What is prediabetes?
Prediabetes is a diagnosis nobody wants, but it’s not a life sentence. It occurs when your pancreas doesn't make enough insulin or your cells become resistant to the insulin (or sometimes both). Then the body does not properly process sugar. That causes the sugars to accumulate in the bloodstream, which results in high blood sugar levels.
It’s reported that one in three adults in the U.S. has this condition. According to the Center for Disease Control and Prevention (CDC), it increases your risk for developing type 2 diabetes, heart attack or stroke. Without treatment, nearly 30 percent of people with pre-diabetes will develop type 2 diabetes within five years.
Knowing the facts and living well pays dividends in one’s health. Especially when you consider what you’ll pay out of pocket for diabetes care.
What are the risk factors for prediabetes?
Family history and genetics play a significant role. Living a sedentary lifestyle and carrying excess fat also are important factors. Generally, pre-diabetes has no signs or symptoms. While a prediabetic’s blood sugar is not as high as someone with type 2 diabetes, they do share the same risk factors. These include:
- Weight. This is a primary risk factor. The more fatty tissue you have, the more resistant your cells become to insulin.
- Waist size. A larger waist size can indicate insulin resistance. The risk goes up for men with waists larger than 40 inches and for women with waists larger than 35 inches.
- Diet and nutrition. Eating red, processed meat and drinking sugar-sweetened beverages increase the risk. A diet high in fruits, vegetables, nuts, whole grains and olive oil lowers your risk.
- Inactivity. Physical activity helps you control your weight, uses glucose as energy, and makes your cells more sensitive to insulin. Simply walking more combats this risk factor.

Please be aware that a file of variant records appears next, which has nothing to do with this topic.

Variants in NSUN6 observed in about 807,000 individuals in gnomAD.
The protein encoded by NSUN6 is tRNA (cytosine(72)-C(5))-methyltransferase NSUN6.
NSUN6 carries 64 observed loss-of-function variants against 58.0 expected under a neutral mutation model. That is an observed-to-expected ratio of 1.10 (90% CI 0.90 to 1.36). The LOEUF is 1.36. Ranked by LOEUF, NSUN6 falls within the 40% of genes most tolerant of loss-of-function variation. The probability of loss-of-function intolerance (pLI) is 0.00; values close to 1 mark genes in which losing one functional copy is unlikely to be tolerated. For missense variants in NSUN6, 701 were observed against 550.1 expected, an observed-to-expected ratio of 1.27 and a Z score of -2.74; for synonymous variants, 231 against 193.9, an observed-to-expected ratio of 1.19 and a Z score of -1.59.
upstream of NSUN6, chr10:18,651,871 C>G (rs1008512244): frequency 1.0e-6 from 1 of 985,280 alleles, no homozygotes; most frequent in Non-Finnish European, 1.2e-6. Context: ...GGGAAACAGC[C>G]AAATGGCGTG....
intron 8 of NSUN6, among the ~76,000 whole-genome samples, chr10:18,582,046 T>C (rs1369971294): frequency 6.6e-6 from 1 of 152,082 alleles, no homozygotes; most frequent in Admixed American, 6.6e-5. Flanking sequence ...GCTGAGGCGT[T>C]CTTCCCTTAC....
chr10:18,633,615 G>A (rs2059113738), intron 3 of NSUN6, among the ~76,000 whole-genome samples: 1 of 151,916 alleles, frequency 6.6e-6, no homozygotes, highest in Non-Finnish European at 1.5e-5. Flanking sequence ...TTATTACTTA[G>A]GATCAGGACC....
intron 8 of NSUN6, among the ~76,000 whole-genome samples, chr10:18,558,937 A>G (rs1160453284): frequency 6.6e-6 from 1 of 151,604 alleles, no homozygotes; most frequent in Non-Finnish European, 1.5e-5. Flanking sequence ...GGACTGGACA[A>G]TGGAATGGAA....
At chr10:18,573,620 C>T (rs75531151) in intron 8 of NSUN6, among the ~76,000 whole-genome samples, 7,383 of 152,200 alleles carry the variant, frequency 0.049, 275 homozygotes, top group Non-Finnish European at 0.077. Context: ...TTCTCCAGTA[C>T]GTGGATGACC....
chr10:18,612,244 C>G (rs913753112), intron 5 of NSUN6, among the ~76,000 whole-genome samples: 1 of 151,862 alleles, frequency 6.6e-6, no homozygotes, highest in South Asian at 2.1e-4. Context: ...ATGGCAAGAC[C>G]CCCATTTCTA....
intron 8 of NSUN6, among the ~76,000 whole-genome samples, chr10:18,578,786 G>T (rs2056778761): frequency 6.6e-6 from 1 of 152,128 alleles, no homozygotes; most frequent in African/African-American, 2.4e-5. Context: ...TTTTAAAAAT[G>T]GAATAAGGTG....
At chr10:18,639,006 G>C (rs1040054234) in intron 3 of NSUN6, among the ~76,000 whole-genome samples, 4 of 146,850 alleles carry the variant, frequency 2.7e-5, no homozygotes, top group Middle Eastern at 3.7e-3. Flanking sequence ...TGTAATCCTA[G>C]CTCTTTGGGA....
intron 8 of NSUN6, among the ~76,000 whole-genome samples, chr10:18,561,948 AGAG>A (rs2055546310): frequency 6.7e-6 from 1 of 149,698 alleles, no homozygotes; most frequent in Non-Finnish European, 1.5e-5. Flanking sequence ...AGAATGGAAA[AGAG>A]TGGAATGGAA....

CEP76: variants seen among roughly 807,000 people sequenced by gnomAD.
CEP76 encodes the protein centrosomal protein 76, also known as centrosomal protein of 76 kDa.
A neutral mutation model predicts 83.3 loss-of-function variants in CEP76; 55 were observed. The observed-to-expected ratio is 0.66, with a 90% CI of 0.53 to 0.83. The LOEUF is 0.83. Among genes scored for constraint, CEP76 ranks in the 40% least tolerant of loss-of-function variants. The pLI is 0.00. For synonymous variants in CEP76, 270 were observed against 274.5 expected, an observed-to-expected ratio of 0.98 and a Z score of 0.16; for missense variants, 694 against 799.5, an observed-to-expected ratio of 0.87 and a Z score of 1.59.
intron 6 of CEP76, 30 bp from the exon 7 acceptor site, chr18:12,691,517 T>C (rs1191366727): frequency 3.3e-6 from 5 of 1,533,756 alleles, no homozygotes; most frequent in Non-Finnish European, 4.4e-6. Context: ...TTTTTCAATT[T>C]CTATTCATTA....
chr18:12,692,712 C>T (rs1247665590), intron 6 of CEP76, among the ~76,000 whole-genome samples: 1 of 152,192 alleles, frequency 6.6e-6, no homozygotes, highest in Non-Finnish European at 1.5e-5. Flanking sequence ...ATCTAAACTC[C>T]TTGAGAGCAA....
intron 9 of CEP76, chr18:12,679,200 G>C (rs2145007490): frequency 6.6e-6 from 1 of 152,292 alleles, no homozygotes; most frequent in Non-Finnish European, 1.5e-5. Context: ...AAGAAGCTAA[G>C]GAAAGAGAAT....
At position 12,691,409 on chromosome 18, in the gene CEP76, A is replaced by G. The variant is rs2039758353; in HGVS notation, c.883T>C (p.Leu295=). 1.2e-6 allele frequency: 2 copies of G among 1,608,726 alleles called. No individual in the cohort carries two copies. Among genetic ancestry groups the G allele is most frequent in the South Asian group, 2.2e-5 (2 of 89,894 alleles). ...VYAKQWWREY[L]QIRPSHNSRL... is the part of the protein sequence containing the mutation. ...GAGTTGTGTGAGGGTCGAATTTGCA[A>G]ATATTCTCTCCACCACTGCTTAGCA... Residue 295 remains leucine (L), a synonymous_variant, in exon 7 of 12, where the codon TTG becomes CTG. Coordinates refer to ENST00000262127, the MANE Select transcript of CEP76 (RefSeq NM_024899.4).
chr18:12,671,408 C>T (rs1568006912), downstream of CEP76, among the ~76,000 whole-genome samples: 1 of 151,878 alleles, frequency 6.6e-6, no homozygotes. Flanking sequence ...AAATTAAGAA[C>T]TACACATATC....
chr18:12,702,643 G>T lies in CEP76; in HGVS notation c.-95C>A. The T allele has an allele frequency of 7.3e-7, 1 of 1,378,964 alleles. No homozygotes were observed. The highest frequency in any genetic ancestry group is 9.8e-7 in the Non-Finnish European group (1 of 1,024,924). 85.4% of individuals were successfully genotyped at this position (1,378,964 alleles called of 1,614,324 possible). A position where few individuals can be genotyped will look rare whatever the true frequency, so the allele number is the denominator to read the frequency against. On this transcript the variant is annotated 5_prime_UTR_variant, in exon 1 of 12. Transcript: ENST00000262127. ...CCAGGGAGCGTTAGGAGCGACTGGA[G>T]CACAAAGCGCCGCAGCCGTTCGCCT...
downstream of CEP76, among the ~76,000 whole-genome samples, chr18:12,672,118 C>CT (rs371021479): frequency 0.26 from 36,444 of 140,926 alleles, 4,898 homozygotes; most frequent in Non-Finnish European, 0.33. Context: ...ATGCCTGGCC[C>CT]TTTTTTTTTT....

- Age. Although diabetes can develop at any age, the risk of pre-diabetes increases after age 45. This may be because people as they age tend to exercise less, lose muscle mass and gain weight.
- Family history. Your risk of prediabetes increases if you have a parent or sibling with type 2 diabetes.
- Race. Certain races have a higher risk of developing the disease. They include African-Americans, Hispanics, Native Americans, Asian-Americans and Pacific Islanders.
- Gestational diabetes. If your baby weighed more than 9 pounds at birth or you had gestational diabetes while pregnant, you're at increased risk.
- Polycystic ovary syndrome. This common condition increases women's risk of prediabetes.
- Sleep. Certain sleep disorders (such as sleep apnea) increases the risk of insulin resistance. Those who have jobs with changing shifts or night shifts may also have an increased risk of prediabetes or type 2 diabetes.
How is prediabetes diagnosed?
There are several blood tests for prediabetes. The American Diabetes Association (ADA) recommends that screenings for adults begin at age 45. If a person is overweight and has additional risk factors, they should start earlier.
The glycated hemoglobin (A1C) test measures your average blood sugar level for the past two to three months. The test measures the percentage of blood sugar attached to proteins in red blood cells (hemoglobin). The higher your blood sugar levels, the more hemoglobin you'll have with sugar attached. The ranges are:
- An A1C level below 5.7 percent is considered normal.
- An A1C level between 5.7 and 6.4 percent is considered prediabetes.
- An A1C level of 6.5 percent or higher on two separate tests indicates type 2 diabetes.
A fasting blood sugar test is done after not eating for at least eight hours. The ranges for this test are:
- A fasting blood sugar level below 100 milligrams per deciliter (mg/dL) is normal.
- A fasting blood sugar level from 100 to 125 mg/dL indicates prediabetes. Your doctor may call this result is impaired fasting glucose.
- A fasting blood sugar level of 126 mg/dL or higher indicates type 2 diabetes.
How is prediabetes treated?
Lifestyle changes can prevent your prediabetes from becoming type 2 diabetes. Children and adults can find success by spending one hour or more each day in physical activity. Losing weight – if overweight – and eating more fiber (and less sugary, refined carbohydrates and fats) also helps. Medication isn’t generally recommended for children and isn’t always needed when you make diet and lifestyle changes.
Discuss any supplements or alternative therapies with your physician prior to use. Some could be harmful and interfere with other prescribed medications. Learn more about diabetes care.